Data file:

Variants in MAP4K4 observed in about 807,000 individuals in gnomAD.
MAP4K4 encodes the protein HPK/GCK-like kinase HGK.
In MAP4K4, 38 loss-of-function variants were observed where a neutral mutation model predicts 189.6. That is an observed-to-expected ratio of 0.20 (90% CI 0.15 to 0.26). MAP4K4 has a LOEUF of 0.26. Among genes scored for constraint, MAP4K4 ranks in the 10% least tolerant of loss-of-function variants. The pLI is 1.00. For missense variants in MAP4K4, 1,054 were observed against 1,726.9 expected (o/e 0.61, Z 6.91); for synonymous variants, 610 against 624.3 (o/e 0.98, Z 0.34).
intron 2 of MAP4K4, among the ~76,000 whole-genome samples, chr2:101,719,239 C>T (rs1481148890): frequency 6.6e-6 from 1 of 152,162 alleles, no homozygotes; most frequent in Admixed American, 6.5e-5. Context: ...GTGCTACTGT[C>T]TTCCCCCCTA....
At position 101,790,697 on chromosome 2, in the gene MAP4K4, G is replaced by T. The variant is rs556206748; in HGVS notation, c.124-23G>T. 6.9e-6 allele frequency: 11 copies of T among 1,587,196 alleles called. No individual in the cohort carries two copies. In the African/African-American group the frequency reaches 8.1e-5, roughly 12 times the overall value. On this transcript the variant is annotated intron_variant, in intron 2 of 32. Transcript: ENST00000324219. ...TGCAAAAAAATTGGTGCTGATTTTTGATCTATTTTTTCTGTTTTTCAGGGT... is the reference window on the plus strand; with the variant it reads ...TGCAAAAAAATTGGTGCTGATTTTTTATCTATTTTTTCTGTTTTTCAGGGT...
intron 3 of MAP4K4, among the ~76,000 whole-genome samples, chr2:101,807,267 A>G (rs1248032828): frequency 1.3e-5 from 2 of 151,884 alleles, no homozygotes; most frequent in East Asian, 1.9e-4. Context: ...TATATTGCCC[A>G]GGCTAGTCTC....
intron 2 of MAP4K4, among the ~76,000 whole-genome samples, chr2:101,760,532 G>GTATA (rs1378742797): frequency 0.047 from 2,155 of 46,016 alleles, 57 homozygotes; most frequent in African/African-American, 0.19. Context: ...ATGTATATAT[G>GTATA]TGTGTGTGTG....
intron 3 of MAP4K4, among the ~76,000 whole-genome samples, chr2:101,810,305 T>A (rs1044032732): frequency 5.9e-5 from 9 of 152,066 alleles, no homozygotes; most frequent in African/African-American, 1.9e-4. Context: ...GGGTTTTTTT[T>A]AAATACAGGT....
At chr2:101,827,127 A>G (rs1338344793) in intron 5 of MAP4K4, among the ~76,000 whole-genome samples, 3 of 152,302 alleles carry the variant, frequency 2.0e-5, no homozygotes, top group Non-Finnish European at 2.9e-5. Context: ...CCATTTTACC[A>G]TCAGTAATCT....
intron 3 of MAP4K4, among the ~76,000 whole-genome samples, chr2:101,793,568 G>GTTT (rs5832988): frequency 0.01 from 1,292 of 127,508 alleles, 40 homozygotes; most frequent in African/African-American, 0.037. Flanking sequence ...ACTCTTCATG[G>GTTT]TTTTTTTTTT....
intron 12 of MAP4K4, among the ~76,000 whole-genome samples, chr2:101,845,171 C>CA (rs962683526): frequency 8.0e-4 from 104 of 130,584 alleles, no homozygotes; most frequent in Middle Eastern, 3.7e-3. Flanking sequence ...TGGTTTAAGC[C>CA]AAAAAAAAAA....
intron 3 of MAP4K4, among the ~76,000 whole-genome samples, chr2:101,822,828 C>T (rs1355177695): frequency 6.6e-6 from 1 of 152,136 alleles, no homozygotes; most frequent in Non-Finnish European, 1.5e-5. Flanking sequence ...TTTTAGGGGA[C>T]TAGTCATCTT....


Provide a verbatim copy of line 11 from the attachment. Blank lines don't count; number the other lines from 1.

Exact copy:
intron 12 of MAP4K4, among the ~76,000 whole-genome samples, chr2:101,845,171 C>CA (rs962683526): frequency 8.0e-4 from 104 of 130,584 alleles, no homozygotes; most frequent in Middle Eastern, 3.7e-3. Flanking sequence ...TGGTTTAAGC[C>CA]AAAAAAAAAA....